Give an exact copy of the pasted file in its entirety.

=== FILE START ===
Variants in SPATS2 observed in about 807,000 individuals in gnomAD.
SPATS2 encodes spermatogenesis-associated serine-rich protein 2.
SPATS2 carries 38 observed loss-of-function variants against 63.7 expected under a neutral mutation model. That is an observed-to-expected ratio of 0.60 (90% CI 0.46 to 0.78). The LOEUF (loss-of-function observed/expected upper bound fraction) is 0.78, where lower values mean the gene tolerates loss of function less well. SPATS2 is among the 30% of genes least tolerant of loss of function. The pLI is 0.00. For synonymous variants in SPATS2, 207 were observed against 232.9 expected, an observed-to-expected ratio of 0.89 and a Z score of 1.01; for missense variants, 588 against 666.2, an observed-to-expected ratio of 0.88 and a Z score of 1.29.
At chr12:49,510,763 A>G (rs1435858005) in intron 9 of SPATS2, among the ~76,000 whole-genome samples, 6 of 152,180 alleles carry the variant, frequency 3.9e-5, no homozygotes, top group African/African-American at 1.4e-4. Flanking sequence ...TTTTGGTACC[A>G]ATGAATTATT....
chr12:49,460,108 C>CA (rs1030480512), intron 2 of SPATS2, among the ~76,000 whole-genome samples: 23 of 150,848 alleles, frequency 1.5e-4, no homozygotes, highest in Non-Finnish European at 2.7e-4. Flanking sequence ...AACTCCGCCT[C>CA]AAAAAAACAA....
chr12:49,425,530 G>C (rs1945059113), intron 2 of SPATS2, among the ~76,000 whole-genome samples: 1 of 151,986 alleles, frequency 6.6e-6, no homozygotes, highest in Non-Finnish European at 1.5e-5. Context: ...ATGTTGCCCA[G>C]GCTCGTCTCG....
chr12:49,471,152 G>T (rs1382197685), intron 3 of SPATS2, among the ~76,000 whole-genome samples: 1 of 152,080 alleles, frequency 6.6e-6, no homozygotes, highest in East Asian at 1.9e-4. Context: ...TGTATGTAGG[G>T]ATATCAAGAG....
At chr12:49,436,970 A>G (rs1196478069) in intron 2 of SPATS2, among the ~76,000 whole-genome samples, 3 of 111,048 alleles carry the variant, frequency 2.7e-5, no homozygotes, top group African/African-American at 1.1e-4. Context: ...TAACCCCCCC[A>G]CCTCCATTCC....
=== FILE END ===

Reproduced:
Variants in SPATS2 observed in about 807,000 individuals in gnomAD.
SPATS2 encodes spermatogenesis-associated serine-rich protein 2.
SPATS2 carries 38 observed loss-of-function variants against 63.7 expected under a neutral mutation model. That is an observed-to-expected ratio of 0.60 (90% CI 0.46 to 0.78). The LOEUF (loss-of-function observed/expected upper bound fraction) is 0.78, where lower values mean the gene tolerates loss of function less well. SPATS2 is among the 30% of genes least tolerant of loss of function. The pLI is 0.00. For synonymous variants in SPATS2, 207 were observed against 232.9 expected, an observed-to-expected ratio of 0.89 and a Z score of 1.01; for missense variants, 588 against 666.2, an observed-to-expected ratio of 0.88 and a Z score of 1.29.
At chr12:49,510,763 A>G (rs1435858005) in intron 9 of SPATS2, among the ~76,000 whole-genome samples, 6 of 152,180 alleles carry the variant, frequency 3.9e-5, no homozygotes, top group African/African-American at 1.4e-4. Flanking sequence ...TTTTGGTACC[A>G]ATGAATTATT....
chr12:49,460,108 C>CA (rs1030480512), intron 2 of SPATS2, among the ~76,000 whole-genome samples: 23 of 150,848 alleles, frequency 1.5e-4, no homozygotes, highest in Non-Finnish European at 2.7e-4. Flanking sequence ...AACTCCGCCT[C>CA]AAAAAAACAA....
chr12:49,425,530 G>C (rs1945059113), intron 2 of SPATS2, among the ~76,000 whole-genome samples: 1 of 151,986 alleles, frequency 6.6e-6, no homozygotes, highest in Non-Finnish European at 1.5e-5. Context: ...ATGTTGCCCA[G>C]GCTCGTCTCG....
chr12:49,471,152 G>T (rs1382197685), intron 3 of SPATS2, among the ~76,000 whole-genome samples: 1 of 152,080 alleles, frequency 6.6e-6, no homozygotes, highest in East Asian at 1.9e-4. Context: ...TGTATGTAGG[G>T]ATATCAAGAG....
At chr12:49,436,970 A>G (rs1196478069) in intron 2 of SPATS2, among the ~76,000 whole-genome samples, 3 of 111,048 alleles carry the variant, frequency 2.7e-5, no homozygotes, top group African/African-American at 1.1e-4. Context: ...TAACCCCCCC[A>G]CCTCCATTCC....